Motorola, Toshiba Android tablets go below $500

Motorola has made the Xoom very price-competitive with the iPad, while Toshiba is making a play to undercut both tablets.

Motorola has at long last reduced the Xoom's entry price to $499, while Toshiba's new Thrive starts at $429, bringing some needed price relief to the tablet market.

New $499 pricing for the Wi-Fi Xoom. It includes a free case.
New $499 pricing for the Wi-Fi Xoom. It includes a free case. Motorola

Motorola today cut the price on the Wi-Fi only 10-inch Xoom tablet to $499, from $599. The Xoom's high price has stigmatized it from the beginning as being uncompetitive with Apple's iPad.

But today's price drop changed that: the Xoom's specifications now make it quite competitive with Apple's iPad. For example, the $499 Xoom with the Android 3.1 operating system has 32GB of flash storage and 1GB of system memory versus the $499 iPad's 16GB and 512KB, respectively.

Motorola's new pricing also takes on Samsung's Galaxy Tab 10.1, whose Android 3.1-based Wi-Fi version is priced at $499 with 16GB of memory and 1GB of system memory.

And Toshiba's 10-inch Android 3.1 tablet is even cheaper. For $429, the Thrive--now up for sale--packs 8GB of flash storage and 1GB of system memory. A model with 16GB of flash is $479, undercutting the price of the similarly configured iPad. Two features of note are the Thrive's removable battery and SD card slot, distinguishing it from the Xoom and iPad.

Topping the Xoom, iPad, and Thrive in the bang-for-the-buck department is Acer's 10-inch Iconia. The Iconia starts at $449 with 16GB of flash storage and 1GB system memory.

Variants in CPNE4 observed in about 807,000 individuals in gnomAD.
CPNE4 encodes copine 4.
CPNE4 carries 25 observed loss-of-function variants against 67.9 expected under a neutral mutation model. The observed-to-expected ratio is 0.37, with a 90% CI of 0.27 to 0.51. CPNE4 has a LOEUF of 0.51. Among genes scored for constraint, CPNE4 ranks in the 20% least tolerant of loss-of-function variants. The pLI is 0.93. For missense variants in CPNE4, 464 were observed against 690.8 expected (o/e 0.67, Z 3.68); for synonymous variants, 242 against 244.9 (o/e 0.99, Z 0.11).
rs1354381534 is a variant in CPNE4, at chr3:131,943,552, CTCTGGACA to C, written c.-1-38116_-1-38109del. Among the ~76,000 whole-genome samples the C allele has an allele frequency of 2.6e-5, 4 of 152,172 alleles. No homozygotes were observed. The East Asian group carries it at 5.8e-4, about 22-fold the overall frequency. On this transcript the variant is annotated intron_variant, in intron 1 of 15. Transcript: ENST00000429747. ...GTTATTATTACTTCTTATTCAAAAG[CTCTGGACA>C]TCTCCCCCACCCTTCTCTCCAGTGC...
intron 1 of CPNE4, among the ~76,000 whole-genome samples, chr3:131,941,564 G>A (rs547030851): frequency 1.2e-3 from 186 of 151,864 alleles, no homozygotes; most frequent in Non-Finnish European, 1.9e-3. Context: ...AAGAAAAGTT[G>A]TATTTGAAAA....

Topping them all on raw pricing is the well-established low-price leader, the 10-inch Android-based Asus Eee Pad Transformer, at $399.

All of the tablets cited above come with front- and rear-facing cameras, a specified battery life of approximately 10 hours, and dual-core processors. The Thrive, Xoom, Iconia, and Eee Pad use the Nvidia Tegra 2 chip, while the iPad comes with Apple's A5 processor.

Updated at 4:25 p.m. PT: adding Asus Eee Pad pricing.

About the author

Brooke Crothers writes about mobile computer systems, including laptops, tablets, smartphones: how they define the computing experience and the hardware that makes them tick. He has served as an editor at large at CNET News and a contributing reporter to The New York Times' Bits and Technology sections. His interest in things small began when living in Tokyo in a very small apartment for a very long time.

 

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